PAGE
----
Ports produce and consume bytes. When a port is provided to a character-based operation, the port’s bytes are decoded; see Encodings and Locales.
When a port corresponds to a file, network connection, or some other system resource, it must be explicitly closed via close-input-port or close-output-port (or indirectly via custodian-shutdown-all) to release low-level resources associated with the port. For any kind of port, after it is closed, attempting to read from or write to the port raises exn:fail.
The global variable eof is bound to the end-of-file value, and eof-object? returns #t only when applied to this value. Reading from a port produces an end-of-file result when the port has no more data, but some ports may also return end-of-file mid-stream. For example, a port connected to a Unix terminal returns an end-of-file when the user types control-D; if the user provides more input, the port returns additional bytes after the end-of-file.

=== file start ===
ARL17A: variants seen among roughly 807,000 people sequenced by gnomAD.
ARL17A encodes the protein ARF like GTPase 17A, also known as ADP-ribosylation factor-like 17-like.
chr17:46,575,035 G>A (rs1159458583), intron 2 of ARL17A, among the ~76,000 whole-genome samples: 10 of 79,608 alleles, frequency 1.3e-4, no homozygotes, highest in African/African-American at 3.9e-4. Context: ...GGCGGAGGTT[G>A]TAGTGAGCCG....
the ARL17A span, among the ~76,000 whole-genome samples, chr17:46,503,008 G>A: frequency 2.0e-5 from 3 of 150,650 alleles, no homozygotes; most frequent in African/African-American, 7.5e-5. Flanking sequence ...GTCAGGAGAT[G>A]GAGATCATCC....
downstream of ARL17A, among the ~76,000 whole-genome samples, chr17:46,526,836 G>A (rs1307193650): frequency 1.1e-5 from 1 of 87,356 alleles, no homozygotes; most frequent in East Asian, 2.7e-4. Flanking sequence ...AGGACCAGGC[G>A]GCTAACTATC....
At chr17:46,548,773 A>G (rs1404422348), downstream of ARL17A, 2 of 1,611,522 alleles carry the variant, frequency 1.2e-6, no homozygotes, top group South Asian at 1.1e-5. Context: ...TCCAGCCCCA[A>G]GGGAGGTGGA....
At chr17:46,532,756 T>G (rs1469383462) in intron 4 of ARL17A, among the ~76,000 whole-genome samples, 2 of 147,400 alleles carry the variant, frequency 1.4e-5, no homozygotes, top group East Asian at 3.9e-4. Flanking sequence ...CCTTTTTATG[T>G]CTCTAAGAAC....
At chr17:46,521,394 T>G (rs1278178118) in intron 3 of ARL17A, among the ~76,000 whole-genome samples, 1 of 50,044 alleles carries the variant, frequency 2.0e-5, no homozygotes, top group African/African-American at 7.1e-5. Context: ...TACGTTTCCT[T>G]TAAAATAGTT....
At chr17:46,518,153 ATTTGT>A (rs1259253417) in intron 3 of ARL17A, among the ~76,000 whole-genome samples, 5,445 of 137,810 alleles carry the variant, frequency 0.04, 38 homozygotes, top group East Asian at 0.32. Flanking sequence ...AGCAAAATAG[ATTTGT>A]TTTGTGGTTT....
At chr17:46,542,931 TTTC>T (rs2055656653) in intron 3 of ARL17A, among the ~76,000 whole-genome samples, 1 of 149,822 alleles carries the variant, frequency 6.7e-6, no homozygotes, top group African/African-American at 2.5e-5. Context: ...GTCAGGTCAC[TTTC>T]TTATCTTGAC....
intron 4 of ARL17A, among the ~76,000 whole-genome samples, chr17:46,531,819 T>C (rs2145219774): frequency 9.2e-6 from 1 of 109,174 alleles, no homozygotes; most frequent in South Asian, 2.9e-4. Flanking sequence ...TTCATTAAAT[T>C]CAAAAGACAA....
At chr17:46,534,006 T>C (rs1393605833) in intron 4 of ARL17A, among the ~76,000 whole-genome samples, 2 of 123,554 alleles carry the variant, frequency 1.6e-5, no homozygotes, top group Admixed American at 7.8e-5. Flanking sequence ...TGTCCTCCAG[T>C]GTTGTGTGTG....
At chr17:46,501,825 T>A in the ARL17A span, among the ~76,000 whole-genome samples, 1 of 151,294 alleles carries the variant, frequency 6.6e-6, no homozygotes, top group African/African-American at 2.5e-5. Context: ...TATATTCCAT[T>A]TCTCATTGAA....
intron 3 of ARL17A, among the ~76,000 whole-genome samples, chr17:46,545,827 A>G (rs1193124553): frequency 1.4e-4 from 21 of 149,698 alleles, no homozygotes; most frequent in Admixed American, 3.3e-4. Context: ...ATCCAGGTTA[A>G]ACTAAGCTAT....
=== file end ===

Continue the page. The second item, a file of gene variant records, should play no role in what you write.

Every port has a name, as reported by object-name. The name can be any value, and it is used mostly for error-reporting purposes. The read-syntax procedure uses the name of an input port as the default source location for the syntax objects that it produces.
A port can be used as a synchronizable event. An input port is ready for synchronization when read-byte would not block, and an output port is ready for synchronization when write-bytes-avail would not block or when the port contains buffered characters and write-bytes-avail* can flush part of the buffer (although write-bytes-avail might block). A value that can act as both an input port and an output port acts as an input port for a synchronizable event. The synchronization result of a port is the port itself.